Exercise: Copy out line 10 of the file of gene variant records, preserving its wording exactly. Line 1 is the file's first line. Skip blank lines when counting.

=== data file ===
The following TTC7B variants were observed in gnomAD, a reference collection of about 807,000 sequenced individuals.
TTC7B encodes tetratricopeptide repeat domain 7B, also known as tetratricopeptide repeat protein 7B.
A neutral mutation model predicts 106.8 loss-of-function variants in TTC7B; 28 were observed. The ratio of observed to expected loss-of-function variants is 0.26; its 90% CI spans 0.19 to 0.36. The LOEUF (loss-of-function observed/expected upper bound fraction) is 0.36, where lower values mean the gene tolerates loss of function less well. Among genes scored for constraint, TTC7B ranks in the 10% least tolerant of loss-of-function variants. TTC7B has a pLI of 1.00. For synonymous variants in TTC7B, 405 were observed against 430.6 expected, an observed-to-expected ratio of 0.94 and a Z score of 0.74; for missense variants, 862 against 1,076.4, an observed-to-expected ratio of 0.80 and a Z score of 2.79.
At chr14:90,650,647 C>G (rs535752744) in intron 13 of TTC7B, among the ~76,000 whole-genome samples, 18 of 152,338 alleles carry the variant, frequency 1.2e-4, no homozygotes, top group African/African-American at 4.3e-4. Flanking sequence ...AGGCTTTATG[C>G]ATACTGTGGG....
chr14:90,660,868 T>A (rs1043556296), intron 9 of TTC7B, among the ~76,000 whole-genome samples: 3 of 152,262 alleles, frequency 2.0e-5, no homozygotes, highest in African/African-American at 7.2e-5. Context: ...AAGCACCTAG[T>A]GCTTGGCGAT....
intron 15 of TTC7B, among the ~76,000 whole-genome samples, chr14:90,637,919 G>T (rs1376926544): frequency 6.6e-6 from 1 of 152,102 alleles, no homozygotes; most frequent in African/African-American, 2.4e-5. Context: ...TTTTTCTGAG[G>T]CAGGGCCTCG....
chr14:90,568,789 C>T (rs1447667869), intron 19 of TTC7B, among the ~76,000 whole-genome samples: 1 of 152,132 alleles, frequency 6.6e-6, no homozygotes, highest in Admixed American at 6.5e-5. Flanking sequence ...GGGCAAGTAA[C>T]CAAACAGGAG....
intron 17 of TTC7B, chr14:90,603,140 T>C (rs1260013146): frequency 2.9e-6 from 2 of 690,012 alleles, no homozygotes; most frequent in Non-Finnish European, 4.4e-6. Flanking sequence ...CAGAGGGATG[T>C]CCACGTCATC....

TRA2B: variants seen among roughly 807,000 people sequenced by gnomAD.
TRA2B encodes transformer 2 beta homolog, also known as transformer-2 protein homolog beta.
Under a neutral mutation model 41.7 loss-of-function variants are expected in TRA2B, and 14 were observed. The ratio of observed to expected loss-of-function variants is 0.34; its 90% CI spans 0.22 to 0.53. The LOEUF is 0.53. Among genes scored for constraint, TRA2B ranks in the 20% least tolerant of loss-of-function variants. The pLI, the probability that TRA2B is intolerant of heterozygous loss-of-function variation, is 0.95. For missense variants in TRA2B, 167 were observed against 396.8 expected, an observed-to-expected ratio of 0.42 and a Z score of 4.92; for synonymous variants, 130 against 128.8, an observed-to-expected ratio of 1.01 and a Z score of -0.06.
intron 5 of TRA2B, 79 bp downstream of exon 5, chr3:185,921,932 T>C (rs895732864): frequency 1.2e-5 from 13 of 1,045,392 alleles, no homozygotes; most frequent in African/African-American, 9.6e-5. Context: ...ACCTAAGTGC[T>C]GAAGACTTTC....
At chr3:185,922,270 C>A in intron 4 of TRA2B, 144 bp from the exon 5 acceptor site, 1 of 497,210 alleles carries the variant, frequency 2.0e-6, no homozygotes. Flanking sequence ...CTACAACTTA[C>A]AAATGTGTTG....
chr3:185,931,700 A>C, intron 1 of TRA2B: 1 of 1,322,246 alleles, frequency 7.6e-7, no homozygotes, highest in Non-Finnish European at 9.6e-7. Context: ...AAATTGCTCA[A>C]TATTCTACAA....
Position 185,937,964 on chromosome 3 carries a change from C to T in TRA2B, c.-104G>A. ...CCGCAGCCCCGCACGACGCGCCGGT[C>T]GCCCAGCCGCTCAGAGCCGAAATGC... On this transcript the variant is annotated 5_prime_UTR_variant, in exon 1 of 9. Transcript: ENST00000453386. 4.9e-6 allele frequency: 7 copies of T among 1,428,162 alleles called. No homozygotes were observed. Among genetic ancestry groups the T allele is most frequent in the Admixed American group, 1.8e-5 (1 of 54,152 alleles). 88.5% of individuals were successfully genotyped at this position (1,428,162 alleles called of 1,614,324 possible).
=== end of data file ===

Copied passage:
TRA2B encodes transformer 2 beta homolog, also known as transformer-2 protein homolog beta.